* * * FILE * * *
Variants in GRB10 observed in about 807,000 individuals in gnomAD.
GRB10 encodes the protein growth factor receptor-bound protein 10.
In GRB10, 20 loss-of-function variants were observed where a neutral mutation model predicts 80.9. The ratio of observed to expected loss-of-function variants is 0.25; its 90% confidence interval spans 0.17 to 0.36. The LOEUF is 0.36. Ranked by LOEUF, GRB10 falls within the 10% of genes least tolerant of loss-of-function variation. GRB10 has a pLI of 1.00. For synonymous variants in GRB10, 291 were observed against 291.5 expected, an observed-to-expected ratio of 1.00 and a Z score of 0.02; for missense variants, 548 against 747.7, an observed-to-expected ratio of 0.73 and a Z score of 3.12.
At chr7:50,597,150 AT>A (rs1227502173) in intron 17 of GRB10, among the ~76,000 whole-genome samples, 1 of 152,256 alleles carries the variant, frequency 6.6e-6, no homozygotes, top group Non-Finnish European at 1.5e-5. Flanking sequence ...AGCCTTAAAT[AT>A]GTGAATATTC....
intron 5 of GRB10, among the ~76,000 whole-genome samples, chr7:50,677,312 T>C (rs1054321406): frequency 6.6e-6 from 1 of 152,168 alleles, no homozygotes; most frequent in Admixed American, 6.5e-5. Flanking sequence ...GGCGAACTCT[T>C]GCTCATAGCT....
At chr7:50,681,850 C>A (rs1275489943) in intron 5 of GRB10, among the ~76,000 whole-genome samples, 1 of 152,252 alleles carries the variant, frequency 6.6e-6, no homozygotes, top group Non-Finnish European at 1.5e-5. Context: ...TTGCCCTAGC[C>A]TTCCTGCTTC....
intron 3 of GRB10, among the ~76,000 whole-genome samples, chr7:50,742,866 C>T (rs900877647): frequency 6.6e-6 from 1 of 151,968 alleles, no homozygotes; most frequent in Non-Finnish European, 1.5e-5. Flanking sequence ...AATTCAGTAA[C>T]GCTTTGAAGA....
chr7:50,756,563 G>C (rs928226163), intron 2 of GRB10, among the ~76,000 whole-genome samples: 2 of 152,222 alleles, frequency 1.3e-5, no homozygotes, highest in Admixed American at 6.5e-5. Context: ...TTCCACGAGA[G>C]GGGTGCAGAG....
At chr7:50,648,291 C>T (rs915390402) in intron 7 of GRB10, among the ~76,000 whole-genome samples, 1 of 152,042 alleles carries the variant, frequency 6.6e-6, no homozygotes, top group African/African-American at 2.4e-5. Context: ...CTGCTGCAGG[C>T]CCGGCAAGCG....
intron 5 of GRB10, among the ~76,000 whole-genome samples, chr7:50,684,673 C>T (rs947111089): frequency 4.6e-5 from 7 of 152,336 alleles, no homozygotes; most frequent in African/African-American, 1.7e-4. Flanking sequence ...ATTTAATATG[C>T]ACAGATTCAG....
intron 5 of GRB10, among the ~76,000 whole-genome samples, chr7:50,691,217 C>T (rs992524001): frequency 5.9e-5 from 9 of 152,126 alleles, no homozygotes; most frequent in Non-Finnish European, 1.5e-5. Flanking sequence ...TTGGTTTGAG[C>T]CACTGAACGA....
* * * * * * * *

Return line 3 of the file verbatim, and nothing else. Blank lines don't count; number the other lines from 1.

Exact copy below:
In GRB10, 20 loss-of-function variants were observed where a neutral mutation model predicts 80.9. The ratio of observed to expected loss-of-function variants is 0.25; its 90% confidence interval spans 0.17 to 0.36. The LOEUF is 0.36. Ranked by LOEUF, GRB10 falls within the 10% of genes least tolerant of loss-of-function variation. GRB10 has a pLI of 1.00. For synonymous variants in GRB10, 291 were observed against 291.5 expected, an observed-to-expected ratio of 1.00 and a Z score of 0.02; for missense variants, 548 against 747.7, an observed-to-expected ratio of 0.73 and a Z score of 3.12.